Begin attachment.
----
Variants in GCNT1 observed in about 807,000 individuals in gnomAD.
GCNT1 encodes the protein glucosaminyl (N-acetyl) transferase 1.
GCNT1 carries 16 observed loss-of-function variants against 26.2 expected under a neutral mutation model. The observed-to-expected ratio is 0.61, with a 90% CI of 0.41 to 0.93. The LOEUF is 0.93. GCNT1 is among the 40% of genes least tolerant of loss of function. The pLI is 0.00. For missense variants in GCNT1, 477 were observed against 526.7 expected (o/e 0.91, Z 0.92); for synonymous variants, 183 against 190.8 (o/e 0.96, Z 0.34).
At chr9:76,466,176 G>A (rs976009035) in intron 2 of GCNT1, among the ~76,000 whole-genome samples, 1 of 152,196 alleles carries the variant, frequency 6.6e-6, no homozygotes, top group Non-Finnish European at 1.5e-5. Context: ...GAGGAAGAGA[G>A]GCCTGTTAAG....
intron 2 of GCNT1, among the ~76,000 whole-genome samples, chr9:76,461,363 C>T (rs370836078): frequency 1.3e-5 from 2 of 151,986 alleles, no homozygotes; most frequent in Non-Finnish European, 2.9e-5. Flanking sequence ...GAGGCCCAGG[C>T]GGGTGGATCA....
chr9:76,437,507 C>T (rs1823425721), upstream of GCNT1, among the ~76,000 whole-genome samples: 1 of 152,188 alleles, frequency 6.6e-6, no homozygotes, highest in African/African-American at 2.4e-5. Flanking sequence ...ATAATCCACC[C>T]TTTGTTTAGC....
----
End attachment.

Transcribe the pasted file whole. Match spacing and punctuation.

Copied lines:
Variants in GCNT1 observed in about 807,000 individuals in gnomAD.
GCNT1 encodes the protein glucosaminyl (N-acetyl) transferase 1.
GCNT1 carries 16 observed loss-of-function variants against 26.2 expected under a neutral mutation model. The observed-to-expected ratio is 0.61, with a 90% CI of 0.41 to 0.93. The LOEUF is 0.93. GCNT1 is among the 40% of genes least tolerant of loss of function. The pLI is 0.00. For missense variants in GCNT1, 477 were observed against 526.7 expected (o/e 0.91, Z 0.92); for synonymous variants, 183 against 190.8 (o/e 0.96, Z 0.34).
At chr9:76,466,176 G>A (rs976009035) in intron 2 of GCNT1, among the ~76,000 whole-genome samples, 1 of 152,196 alleles carries the variant, frequency 6.6e-6, no homozygotes, top group Non-Finnish European at 1.5e-5. Context: ...GAGGAAGAGA[G>A]GCCTGTTAAG....
intron 2 of GCNT1, among the ~76,000 whole-genome samples, chr9:76,461,363 C>T (rs370836078): frequency 1.3e-5 from 2 of 151,986 alleles, no homozygotes; most frequent in Non-Finnish European, 2.9e-5. Flanking sequence ...GAGGCCCAGG[C>T]GGGTGGATCA....
chr9:76,437,507 C>T (rs1823425721), upstream of GCNT1, among the ~76,000 whole-genome samples: 1 of 152,188 alleles, frequency 6.6e-6, no homozygotes, highest in African/African-American at 2.4e-5. Flanking sequence ...ATAATCCACC[C>T]TTTGTTTAGC....